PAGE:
CDE staff will provide a live webinar to preview the first draft sections and the engagement toolkit on Thursday, November 17, at 1 p.m. To register for this event, please visit the Webinar Registration Web page at http://bit.ly/2fQCjq6. This webinar will be recorded and archived.

I encourage you to participate in and promote this public comment opportunity and help inform the development of California’s ESSA Consolidated State Plan. We will continue to share information about opportunities to participate in the State Plan development process as more information becomes available.

ESSA Non-regulatory Guidance

The ESSA presents SEAs and LEAs with opportunities to better formulate programs and initiatives to address our biggest challenges: narrowing the achievement and opportunity gap for our students and improving outcomes across the educational spectrum. The recent non-regulatory guidance released by ED, listed below, provides support to LEAs and schools regarding implementation of the ESSA, from expanding early childhood education to better address the needs of foster and homeless children, to strategically leveraging federal funding to better serve all students.

Even though the ESSA will not take full effect until 2017–18, it is important to begin planning for implementation now. We encourage you to review the guidance documents below as you consider ESSA implementation at the local level and as you consider providing public comment on California’s ESSA State Plan.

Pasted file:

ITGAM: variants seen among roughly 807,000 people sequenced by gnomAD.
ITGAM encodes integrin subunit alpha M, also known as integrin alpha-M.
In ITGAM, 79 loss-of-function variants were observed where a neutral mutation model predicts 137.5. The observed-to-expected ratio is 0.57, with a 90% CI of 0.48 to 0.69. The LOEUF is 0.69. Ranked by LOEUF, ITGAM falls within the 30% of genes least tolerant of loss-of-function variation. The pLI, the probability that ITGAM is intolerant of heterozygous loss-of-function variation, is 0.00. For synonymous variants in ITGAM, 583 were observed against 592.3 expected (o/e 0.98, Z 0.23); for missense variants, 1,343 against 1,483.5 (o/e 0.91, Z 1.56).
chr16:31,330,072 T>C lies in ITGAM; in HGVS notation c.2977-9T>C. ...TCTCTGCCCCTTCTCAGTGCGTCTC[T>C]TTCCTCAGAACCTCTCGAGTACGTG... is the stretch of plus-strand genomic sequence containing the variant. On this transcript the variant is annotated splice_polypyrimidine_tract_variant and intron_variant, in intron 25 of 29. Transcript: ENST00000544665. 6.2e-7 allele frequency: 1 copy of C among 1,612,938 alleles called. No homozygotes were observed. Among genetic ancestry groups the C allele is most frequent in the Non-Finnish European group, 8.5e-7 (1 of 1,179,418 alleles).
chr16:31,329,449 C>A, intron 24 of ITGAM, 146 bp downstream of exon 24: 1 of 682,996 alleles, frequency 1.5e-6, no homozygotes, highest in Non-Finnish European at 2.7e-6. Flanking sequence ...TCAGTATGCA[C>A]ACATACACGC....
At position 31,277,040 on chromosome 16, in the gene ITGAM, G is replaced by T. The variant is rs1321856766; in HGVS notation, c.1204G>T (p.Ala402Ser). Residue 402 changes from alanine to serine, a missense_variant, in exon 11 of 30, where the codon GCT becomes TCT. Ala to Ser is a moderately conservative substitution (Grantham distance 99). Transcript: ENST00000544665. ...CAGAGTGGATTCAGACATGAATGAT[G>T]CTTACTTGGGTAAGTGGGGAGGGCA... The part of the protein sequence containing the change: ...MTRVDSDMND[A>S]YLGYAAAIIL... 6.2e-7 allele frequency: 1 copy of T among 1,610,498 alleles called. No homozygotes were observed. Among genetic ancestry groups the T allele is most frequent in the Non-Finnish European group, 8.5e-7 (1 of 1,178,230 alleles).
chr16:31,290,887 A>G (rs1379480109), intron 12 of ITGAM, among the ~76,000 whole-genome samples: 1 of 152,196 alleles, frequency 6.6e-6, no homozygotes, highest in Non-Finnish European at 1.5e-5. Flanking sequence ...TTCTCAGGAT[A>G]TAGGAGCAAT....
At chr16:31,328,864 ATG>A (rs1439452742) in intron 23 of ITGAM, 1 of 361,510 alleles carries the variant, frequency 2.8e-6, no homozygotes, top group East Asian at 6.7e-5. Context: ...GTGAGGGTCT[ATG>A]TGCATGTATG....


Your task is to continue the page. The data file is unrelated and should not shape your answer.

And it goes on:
ESSA Title IV, Part A Non-regulatory Guidance – Student Support and Academic Enrichment Program (October 2016) available at http://www2.ed.gov/policy/elsec/leg/essa/essassaegrantguid10212016.pdf
This guidance outlines how Title IV funds can be leveraged to ensure that students receive a high-quality, well-rounded education. The program activities and allowable uses of funds fall under three categories: well-rounded educational opportunities, safe and healthy students, and effective use of technology.

  • ESSA Early Learning Non-regulatory Guidance – Expanding Opportunities to Support our Youngest Learners (October 2016) available at http://www2.ed.gov/policy/elsec/leg/essa/essaelguidance10202016.pdf
    This guidance explains how to leverage federal funds and programs to expand access to high-quality early learning. It provides real-world examples of how SEAs and LEAs are building successful early education programs. The document addresses the allowable uses of funds under Titles I–III and encourages support for professional development for early childhood educators, alignment between early learning programs and K–12 education systems, and capacity building.
  • ESSA Title I, Part A Non-regulatory Guidance – Supporting School Reform by Leveraging Federal Funds in School Wide Programs (September 2016) available at http://www2.ed.gov/policy/elsec/leg/essa/essaswpguidance9192016.pdf
    This guidance encourages schools to consider consolidating their federal, state, and local funds to gain flexibility and serve all students by operating schoolwide programs. ED outlines the required components for implementation of schoolwide programs, lists allowable uses of funds, and addresses common misunderstandings regarding Title I funding in a schoolwide program.
  • ESSA Title II, Part A Non-regulatory Guidance – Building Systems of Support for Excellent Teaching and Leading (October 2016) available at http://www2.ed.gov/policy/elsec/leg/essa/essatitleiipartaguidance.pdf
    This guidance seeks to support SEAs and LEAs to use Title II, Part A funds more strategically and for greater impact. It clarifies and explains new opportunities and highlights allowable uses of funds, which include developing multiple pathways to teaching, induction and mentorship programs, meaningful evaluation and support systems, and strong leadership development for teachers and school leadership. This guidance also outlines ways to address teacher equity, expand access to effective educators, and retain high-quality teachers in